FIFA sponsors Coca-Cola and McDonald's have called on Sepp Blatter to immediately stand down as president of world football's governing body, FIFA.
The intervention from Coca-Cola, which was quickly followed by a similar statement from McDonald's, comes a week after the FIFA president was placed under criminal investigation by the Swiss authorities.
Coca-Cola says it is "calling for FIFA President Joseph [Sepp] Blatter to step down immediately so that a credible and sustainable reform process can begin in earnest".
The company added: "Every day that passes, the image and reputation of FIFA continues to tarnish. FIFA needs comprehensive and urgent reform, and that can only be accomplished through a truly independent approach."
McDonald's said in a statement that "the events of recent weeks have continued to diminish the reputation of FIFA and public confidence in its leadership".
Blatter won't budge
However, Blatter’s lawyer promptly issued a statement saying that the FIFA president would not resign.
"While Coca-Cola is a valued sponsor of FIFA, Mr Blatter respectfully disagrees with its position... he will not resign," Blatter's New York attorney Richard Cullen said in a statement.
The intervention from the two key FIFA sponsors follows Blatter being placed under criminal investigation by Swiss authorities for alleged financial wrongdoing at FIFA last week. Blatter is accused of "criminal mismanagement" or "misappropriation" over a TV rights deal he signed with former Caribbean football chief Jack Warner in 2005. He is also accused of making an improper payment of £1.3 million to Uefa chief Michel Platini.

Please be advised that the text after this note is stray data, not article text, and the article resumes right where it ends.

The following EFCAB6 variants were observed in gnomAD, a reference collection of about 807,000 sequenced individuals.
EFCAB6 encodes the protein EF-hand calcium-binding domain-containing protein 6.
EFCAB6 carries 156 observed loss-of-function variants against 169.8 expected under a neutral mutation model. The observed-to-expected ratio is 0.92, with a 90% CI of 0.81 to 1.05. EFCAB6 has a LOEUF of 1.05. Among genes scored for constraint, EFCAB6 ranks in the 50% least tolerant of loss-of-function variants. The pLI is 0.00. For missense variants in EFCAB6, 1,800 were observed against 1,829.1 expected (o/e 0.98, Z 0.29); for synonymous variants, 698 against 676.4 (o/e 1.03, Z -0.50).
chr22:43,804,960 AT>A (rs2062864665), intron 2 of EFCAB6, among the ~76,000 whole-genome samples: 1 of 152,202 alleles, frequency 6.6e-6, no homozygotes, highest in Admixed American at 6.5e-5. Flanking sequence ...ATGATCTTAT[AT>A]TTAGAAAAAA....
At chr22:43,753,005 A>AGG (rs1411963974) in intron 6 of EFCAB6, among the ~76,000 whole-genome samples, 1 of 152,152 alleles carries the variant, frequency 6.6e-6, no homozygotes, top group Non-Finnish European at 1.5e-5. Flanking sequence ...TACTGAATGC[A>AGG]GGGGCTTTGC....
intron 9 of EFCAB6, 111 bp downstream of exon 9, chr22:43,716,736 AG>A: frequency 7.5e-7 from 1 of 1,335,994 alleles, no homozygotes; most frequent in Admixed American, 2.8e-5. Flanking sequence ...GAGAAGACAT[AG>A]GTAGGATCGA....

The 79-year-old Swiss citizen told FIFA staff earlier this week that he's determined to remain in power until February's emergency presidential election, but pressure from sponsors who fund the organization could force him out before then.
Image in tatters
FIFA’s image is in tatters as it has also seen 14 current or former officials as well as sports marketing executives accused by US prosecutors of taking part in a kickbacks scheme going back 20 years and involving a total of $150 million in bribes.
Potential contenders to replace Blatter as president include UEFA President Michel Platini, Prince Ali bin al-Hussein, former Brazil great Zico and Liberia football federation president Musa Bility.
Blatter's position appears untenable, as lawyers now oversee key decisions at scandal-battered FIFA.